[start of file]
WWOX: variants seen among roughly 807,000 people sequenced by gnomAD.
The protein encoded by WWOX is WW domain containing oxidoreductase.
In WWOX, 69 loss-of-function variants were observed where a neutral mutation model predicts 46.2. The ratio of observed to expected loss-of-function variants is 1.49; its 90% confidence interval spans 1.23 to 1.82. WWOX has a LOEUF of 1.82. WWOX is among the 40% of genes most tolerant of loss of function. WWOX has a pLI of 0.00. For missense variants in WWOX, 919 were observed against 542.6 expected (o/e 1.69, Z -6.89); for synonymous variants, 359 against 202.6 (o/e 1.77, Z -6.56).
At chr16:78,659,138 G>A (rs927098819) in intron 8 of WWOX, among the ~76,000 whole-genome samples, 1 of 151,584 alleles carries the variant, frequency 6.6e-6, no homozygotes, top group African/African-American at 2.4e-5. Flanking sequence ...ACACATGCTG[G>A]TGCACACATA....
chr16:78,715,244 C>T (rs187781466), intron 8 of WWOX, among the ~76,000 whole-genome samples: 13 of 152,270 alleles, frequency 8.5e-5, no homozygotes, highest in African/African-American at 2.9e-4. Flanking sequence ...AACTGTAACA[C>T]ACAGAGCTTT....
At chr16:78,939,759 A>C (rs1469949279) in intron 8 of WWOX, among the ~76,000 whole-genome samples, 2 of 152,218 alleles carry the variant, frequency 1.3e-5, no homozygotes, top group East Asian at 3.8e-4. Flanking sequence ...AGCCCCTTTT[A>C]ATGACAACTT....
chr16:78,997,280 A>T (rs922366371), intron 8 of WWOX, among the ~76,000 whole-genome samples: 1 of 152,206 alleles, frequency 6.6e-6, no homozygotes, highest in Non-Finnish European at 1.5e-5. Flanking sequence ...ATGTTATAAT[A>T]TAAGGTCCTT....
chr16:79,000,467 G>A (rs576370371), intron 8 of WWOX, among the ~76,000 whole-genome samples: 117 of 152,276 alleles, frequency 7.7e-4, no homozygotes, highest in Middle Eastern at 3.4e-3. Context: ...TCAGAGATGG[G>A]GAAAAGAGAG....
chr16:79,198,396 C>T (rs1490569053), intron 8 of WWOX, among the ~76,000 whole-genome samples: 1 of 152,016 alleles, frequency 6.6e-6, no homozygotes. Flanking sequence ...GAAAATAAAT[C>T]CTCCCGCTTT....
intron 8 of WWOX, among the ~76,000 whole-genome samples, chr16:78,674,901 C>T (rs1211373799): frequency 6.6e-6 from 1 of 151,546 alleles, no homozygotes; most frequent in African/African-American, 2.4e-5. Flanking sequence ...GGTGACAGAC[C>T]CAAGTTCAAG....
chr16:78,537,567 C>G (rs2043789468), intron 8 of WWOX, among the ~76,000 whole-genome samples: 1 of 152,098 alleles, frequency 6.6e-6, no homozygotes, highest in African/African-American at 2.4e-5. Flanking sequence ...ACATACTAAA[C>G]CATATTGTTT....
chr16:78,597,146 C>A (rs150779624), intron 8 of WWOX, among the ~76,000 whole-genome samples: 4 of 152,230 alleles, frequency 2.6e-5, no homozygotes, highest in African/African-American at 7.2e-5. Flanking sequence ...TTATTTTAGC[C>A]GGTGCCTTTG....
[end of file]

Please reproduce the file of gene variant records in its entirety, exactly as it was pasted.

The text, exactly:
WWOX: variants seen among roughly 807,000 people sequenced by gnomAD.
The protein encoded by WWOX is WW domain containing oxidoreductase.
In WWOX, 69 loss-of-function variants were observed where a neutral mutation model predicts 46.2. The ratio of observed to expected loss-of-function variants is 1.49; its 90% confidence interval spans 1.23 to 1.82. WWOX has a LOEUF of 1.82. WWOX is among the 40% of genes most tolerant of loss of function. WWOX has a pLI of 0.00. For missense variants in WWOX, 919 were observed against 542.6 expected (o/e 1.69, Z -6.89); for synonymous variants, 359 against 202.6 (o/e 1.77, Z -6.56).
At chr16:78,659,138 G>A (rs927098819) in intron 8 of WWOX, among the ~76,000 whole-genome samples, 1 of 151,584 alleles carries the variant, frequency 6.6e-6, no homozygotes, top group African/African-American at 2.4e-5. Flanking sequence ...ACACATGCTG[G>A]TGCACACATA....
chr16:78,715,244 C>T (rs187781466), intron 8 of WWOX, among the ~76,000 whole-genome samples: 13 of 152,270 alleles, frequency 8.5e-5, no homozygotes, highest in African/African-American at 2.9e-4. Flanking sequence ...AACTGTAACA[C>T]ACAGAGCTTT....
At chr16:78,939,759 A>C (rs1469949279) in intron 8 of WWOX, among the ~76,000 whole-genome samples, 2 of 152,218 alleles carry the variant, frequency 1.3e-5, no homozygotes, top group East Asian at 3.8e-4. Flanking sequence ...AGCCCCTTTT[A>C]ATGACAACTT....
chr16:78,997,280 A>T (rs922366371), intron 8 of WWOX, among the ~76,000 whole-genome samples: 1 of 152,206 alleles, frequency 6.6e-6, no homozygotes, highest in Non-Finnish European at 1.5e-5. Flanking sequence ...ATGTTATAAT[A>T]TAAGGTCCTT....
chr16:79,000,467 G>A (rs576370371), intron 8 of WWOX, among the ~76,000 whole-genome samples: 117 of 152,276 alleles, frequency 7.7e-4, no homozygotes, highest in Middle Eastern at 3.4e-3. Context: ...TCAGAGATGG[G>A]GAAAAGAGAG....
chr16:79,198,396 C>T (rs1490569053), intron 8 of WWOX, among the ~76,000 whole-genome samples: 1 of 152,016 alleles, frequency 6.6e-6, no homozygotes. Flanking sequence ...GAAAATAAAT[C>T]CTCCCGCTTT....
intron 8 of WWOX, among the ~76,000 whole-genome samples, chr16:78,674,901 C>T (rs1211373799): frequency 6.6e-6 from 1 of 151,546 alleles, no homozygotes; most frequent in African/African-American, 2.4e-5. Flanking sequence ...GGTGACAGAC[C>T]CAAGTTCAAG....
chr16:78,537,567 C>G (rs2043789468), intron 8 of WWOX, among the ~76,000 whole-genome samples: 1 of 152,098 alleles, frequency 6.6e-6, no homozygotes, highest in African/African-American at 2.4e-5. Flanking sequence ...ACATACTAAA[C>G]CATATTGTTT....
chr16:78,597,146 C>A (rs150779624), intron 8 of WWOX, among the ~76,000 whole-genome samples: 4 of 152,230 alleles, frequency 2.6e-5, no homozygotes, highest in African/African-American at 7.2e-5. Flanking sequence ...TTATTTTAGC[C>A]GGTGCCTTTG....